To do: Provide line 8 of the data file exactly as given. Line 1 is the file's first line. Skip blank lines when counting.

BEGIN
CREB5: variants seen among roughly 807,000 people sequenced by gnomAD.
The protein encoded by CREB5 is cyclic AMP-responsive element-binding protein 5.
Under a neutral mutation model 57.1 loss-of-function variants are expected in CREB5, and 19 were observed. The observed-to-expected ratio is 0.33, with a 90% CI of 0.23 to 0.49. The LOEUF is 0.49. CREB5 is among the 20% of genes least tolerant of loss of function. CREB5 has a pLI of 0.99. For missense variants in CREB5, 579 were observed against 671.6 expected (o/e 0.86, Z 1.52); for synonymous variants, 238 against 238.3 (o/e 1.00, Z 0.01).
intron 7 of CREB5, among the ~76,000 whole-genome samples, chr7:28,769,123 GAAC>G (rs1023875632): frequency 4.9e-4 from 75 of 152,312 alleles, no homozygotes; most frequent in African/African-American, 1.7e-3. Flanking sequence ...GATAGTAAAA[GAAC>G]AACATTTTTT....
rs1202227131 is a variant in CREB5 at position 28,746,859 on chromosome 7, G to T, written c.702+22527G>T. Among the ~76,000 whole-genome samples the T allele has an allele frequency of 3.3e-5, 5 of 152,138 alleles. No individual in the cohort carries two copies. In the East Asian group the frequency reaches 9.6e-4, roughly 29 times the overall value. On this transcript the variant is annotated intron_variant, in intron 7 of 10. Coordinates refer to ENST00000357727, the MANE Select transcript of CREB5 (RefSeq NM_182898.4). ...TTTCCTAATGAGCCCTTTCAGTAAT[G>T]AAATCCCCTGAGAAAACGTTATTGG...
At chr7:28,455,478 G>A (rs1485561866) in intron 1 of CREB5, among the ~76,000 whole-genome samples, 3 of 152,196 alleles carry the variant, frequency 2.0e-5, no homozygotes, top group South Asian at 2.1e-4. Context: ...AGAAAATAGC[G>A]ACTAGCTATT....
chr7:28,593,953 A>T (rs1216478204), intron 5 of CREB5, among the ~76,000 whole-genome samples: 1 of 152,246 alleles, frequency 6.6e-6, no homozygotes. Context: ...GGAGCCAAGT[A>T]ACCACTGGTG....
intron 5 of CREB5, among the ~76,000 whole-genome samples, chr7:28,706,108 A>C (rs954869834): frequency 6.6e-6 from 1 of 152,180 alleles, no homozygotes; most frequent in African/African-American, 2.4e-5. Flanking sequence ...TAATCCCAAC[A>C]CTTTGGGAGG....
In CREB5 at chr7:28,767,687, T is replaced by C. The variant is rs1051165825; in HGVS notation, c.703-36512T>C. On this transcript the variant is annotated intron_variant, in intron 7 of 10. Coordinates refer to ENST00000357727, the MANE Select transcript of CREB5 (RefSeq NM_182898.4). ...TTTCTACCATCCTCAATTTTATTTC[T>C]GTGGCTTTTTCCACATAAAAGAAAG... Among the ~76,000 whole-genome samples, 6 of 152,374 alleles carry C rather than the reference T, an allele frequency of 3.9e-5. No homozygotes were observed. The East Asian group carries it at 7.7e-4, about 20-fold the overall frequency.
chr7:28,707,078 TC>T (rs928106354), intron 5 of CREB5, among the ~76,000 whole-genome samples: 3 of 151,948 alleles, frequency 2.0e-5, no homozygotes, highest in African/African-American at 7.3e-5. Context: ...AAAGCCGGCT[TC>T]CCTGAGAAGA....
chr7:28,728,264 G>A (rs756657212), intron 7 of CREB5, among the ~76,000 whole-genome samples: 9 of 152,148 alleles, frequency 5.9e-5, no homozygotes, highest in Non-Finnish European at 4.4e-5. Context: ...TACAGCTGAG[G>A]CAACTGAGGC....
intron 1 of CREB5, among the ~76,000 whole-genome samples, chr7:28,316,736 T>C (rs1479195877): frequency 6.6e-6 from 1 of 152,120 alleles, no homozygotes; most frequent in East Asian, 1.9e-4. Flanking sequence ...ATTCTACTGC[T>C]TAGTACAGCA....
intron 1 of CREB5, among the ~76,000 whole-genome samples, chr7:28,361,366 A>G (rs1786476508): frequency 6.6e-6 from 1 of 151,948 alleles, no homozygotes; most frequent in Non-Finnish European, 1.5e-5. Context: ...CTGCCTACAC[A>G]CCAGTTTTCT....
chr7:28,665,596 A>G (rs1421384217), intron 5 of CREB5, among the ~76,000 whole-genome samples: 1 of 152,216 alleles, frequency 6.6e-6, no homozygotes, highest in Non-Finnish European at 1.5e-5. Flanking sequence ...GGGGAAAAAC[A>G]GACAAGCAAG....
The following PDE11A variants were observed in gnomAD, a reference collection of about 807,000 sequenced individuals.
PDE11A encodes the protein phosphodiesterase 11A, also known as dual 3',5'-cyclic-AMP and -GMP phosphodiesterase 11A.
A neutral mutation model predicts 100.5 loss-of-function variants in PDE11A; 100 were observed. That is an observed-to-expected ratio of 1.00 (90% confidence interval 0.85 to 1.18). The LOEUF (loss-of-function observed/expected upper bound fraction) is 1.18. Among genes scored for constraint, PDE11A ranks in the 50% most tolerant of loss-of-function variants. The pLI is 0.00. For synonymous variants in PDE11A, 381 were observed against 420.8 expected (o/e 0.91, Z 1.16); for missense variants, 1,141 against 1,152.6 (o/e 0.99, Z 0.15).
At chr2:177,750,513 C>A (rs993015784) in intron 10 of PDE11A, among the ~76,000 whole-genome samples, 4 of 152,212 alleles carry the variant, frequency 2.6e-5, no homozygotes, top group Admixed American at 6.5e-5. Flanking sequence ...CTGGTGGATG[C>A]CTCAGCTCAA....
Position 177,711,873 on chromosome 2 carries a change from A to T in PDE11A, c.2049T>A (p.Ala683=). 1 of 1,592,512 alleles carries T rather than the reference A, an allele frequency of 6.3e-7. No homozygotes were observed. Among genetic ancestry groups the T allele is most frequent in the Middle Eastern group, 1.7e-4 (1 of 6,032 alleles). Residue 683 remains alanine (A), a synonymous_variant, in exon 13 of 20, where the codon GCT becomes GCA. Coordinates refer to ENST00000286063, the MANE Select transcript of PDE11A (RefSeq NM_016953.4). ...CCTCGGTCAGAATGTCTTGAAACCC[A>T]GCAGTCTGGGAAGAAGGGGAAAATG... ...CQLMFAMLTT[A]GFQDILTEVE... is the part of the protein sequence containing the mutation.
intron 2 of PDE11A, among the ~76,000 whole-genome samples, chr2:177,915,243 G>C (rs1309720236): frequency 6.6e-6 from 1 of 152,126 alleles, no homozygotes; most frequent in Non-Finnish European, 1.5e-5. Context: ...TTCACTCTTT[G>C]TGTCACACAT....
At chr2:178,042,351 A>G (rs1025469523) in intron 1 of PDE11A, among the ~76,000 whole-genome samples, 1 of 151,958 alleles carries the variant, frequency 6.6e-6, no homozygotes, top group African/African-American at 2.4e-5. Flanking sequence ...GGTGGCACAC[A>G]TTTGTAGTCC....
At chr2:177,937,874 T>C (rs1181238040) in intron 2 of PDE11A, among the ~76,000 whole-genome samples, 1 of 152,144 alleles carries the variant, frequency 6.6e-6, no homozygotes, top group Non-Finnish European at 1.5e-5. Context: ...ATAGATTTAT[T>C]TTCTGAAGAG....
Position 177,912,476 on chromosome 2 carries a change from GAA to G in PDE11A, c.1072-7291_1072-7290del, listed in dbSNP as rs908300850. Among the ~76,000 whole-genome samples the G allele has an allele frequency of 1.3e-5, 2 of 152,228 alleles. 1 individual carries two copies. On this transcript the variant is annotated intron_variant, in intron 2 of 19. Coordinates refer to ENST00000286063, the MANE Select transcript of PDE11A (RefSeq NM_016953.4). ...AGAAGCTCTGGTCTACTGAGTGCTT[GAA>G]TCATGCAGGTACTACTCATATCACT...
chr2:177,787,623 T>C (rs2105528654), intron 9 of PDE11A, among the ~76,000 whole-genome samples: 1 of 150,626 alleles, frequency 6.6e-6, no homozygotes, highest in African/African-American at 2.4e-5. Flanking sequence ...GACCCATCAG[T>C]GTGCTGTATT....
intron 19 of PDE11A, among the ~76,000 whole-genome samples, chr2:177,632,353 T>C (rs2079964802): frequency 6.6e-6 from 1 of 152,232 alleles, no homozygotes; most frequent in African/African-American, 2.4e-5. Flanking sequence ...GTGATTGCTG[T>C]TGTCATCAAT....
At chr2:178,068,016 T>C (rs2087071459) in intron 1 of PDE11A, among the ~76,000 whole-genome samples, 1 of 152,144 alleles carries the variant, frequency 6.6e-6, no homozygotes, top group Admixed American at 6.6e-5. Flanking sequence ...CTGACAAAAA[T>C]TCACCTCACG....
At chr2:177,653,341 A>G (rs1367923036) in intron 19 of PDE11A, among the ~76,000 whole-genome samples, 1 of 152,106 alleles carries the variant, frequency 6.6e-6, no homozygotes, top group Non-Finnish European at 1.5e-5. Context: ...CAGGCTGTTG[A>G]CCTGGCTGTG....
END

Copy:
intron 5 of CREB5, among the ~76,000 whole-genome samples, chr7:28,706,108 A>C (rs954869834): frequency 6.6e-6 from 1 of 152,180 alleles, no homozygotes; most frequent in African/African-American, 2.4e-5. Flanking sequence ...TAATCCCAAC[A>C]CTTTGGGAGG....